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On Mon, 2011-11-21 at 16:34 -0800, Thomas Mashos wrote:
> * Content. I'm seeing a large push toward Internet content (both
> streaming and downloaded). That said, recorded content is still king
> (for quality). MythTV is going to fall a bit here, as it is first and
> foremost a DVR and expects to have recorded content. XBMC has many
> plugins available to stream Internet content (plugins are python
> based http://wiki.xbmc.org/index.php?title=HOW-TO:Write_plugins_for_XBMC). What isn't discussed much is gaming. MythTV and XBMC have the option to launch games and combined with a gamepad make a really interesting offer.
Games isn't something I'd really thought about. That's an interesting
In my experience add-ons for Internet based video fall in to two camps:
* Those which take the FLV video (for example) and display on
that video full screen with out all the extra stuff on the web page
* Those which open a browser to the full page where the video
The first option will most likely annoy the content owners/publishers
and lead to blocks being put in place (a la Boxee & Hulu), and the
second option looks ugly and clunky.
Then of course there's the problem of the user actually discovering the
content. How do I find a specific episode of a specific programme which
is available /somewhere/ on the Internet?
Tricky problems, to which I have no answers.
> * TV or set top box, Atom or ARM. I think if there is going to be a
> hardware offering, it needs to be in the form of both a TV and also a
> set top box (as well as something that could be installed on existing
> hardware). The ARM systems that Linaro showed off were pretty nice and
> would do great I think (especially since they are so small), but being
> that these would always be plugged in wouldn't need especially low
> power usage so an Atom processor with an ION GPU would do fine.
I saw some pretty amazing things running on ARM at UDS. ION is also a
good platform for playing with, I've got two at home as Myth Frontends
and they work brilliantly. We should consider the generic VA API which
I think is rendering-backend agnostic and so would allow a solution to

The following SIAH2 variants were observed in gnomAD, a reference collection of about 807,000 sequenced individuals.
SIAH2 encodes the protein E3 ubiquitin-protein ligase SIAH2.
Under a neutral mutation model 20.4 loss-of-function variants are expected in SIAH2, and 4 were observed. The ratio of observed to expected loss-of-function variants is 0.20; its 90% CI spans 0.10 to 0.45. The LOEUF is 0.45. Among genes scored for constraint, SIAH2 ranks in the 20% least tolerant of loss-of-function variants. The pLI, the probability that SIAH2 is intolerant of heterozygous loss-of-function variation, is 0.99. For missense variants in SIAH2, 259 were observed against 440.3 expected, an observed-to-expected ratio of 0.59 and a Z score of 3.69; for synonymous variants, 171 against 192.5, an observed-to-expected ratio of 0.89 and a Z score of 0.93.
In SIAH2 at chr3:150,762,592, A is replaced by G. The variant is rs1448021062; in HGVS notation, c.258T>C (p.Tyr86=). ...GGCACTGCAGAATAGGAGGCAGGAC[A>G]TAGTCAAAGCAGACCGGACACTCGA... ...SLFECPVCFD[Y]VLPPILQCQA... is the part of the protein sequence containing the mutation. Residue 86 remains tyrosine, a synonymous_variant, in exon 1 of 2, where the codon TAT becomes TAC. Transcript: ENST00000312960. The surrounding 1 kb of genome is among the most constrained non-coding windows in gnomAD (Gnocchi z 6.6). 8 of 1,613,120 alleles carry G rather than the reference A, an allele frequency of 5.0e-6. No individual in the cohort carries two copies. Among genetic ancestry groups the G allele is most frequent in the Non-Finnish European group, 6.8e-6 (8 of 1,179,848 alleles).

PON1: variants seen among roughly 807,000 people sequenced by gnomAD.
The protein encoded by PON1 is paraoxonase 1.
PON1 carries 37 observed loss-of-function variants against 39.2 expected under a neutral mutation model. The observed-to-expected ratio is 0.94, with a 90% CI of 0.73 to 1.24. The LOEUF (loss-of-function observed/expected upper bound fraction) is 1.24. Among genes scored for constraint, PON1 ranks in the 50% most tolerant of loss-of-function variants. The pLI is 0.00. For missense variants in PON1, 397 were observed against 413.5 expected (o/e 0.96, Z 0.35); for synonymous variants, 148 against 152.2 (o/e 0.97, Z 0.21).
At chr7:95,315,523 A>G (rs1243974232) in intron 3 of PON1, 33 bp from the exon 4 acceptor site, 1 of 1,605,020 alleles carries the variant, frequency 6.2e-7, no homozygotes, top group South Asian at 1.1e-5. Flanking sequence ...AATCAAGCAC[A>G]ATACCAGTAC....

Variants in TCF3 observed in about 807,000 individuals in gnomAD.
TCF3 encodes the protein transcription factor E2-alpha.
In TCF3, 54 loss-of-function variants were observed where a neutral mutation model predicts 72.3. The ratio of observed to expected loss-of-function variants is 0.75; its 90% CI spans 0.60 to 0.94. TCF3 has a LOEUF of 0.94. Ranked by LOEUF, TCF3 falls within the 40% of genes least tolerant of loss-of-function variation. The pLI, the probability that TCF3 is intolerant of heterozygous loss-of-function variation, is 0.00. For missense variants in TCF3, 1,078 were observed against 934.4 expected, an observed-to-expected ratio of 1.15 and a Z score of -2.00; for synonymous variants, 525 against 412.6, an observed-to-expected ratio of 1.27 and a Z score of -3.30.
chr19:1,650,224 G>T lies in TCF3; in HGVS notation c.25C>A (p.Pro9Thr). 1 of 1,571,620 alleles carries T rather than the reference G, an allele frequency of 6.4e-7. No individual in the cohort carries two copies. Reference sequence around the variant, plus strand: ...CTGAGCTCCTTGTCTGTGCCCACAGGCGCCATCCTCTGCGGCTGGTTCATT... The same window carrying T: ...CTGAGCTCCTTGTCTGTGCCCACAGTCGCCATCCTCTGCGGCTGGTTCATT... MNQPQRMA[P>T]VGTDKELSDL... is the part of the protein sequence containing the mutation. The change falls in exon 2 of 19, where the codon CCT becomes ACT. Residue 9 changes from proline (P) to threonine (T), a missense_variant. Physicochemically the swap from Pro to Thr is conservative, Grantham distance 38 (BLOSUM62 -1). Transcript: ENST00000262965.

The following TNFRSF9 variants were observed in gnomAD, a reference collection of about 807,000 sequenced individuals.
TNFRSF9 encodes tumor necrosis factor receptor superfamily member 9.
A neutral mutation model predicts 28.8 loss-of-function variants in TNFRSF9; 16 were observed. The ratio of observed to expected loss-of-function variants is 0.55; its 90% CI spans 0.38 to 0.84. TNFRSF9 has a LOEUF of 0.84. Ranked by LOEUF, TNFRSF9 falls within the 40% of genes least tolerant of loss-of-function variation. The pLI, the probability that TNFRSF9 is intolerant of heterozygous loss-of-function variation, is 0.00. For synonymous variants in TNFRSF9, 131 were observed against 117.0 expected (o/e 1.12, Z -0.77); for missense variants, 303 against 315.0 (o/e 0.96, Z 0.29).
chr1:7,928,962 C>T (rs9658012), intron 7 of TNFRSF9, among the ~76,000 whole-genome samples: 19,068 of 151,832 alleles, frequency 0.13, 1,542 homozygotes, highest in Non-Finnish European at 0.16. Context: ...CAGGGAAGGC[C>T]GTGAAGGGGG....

move seamlessly between hardware (in theory anyway!).
> * Scheduling recordings does require schedule data. In the US and
> Canada this is done via http://www.schedulesdirect.org/ for $25/year.
> In other areas of the world this is done via EIT. Microsoft provides
> this service for free for Windows MCE users. These services usually
> provide about 14 days of listings. Ideally I would like to see this
> rolled into Ubuntu One for a small fee but $25/year isn't too extreme.
Does ATSC provide any scheduling info at all? (This is based on my
understanding that ATSC is the US equivalent of DVB-T)
> As it seems with most new Canonical products, there needs to be a tie
> in with Ubuntu One. Let me lay out the following scenario of what I
> would like to see in an ideal world.
> I purchase a Ubuntu TV (or possibly a small set top box). At boot up,
> it asks for your Ubuntu One credentials. I now have access to my
> music, pictures, and videos that I have stored in Ubuntu One. I also
> have the option to buy new music and/or TV shows (new service) through
> the Ubuntu One media store. I want to have recorded content as well,
> so I install a MythTV (Mythbuntu) backend (DVR) in my environment and
> sign into it with my Ubuntu One credentials. It now pulls down my
> MythTV configuration from Ubuntu One and provides me with listing
> data. I now don't need to configure the backend separately (in case I
> want to have multiple backends). I want to be able to play some new
> games, so I purchase them through the media store as well (these would
> need to be tested to work with joystick only). I just finished
> watching a show and want to share it with a friend, I click on share
> and it shares the show info with them (possibly need some
> facebook/google+/diaspora tie in). On my friends machine, it now
> attempts to schedule a recording for them (providing they have a
> backend and don't have other recordings they have scheduled) or find
> it either online or in Ubuntu One media store.
Love it! This would be awesome. Although, I would suggest that our own
DVR functionality built in would also be required, we shouldn't expect
everyone to have a Myth backend.
> I think that about sums it up. I'm probably leaving something out that
> I have forgotten, but I think that would be a pretty great setup.
> Full Disclosure: I am a Mythbuntu developer. I do not contribute to
> the MythTV project nor the XBMC project. I would like to ship XBMC as
> an alternative frontend to MythTV.
Thanks for taking the time to put your thoughts down and sharing with
us, much appreciated.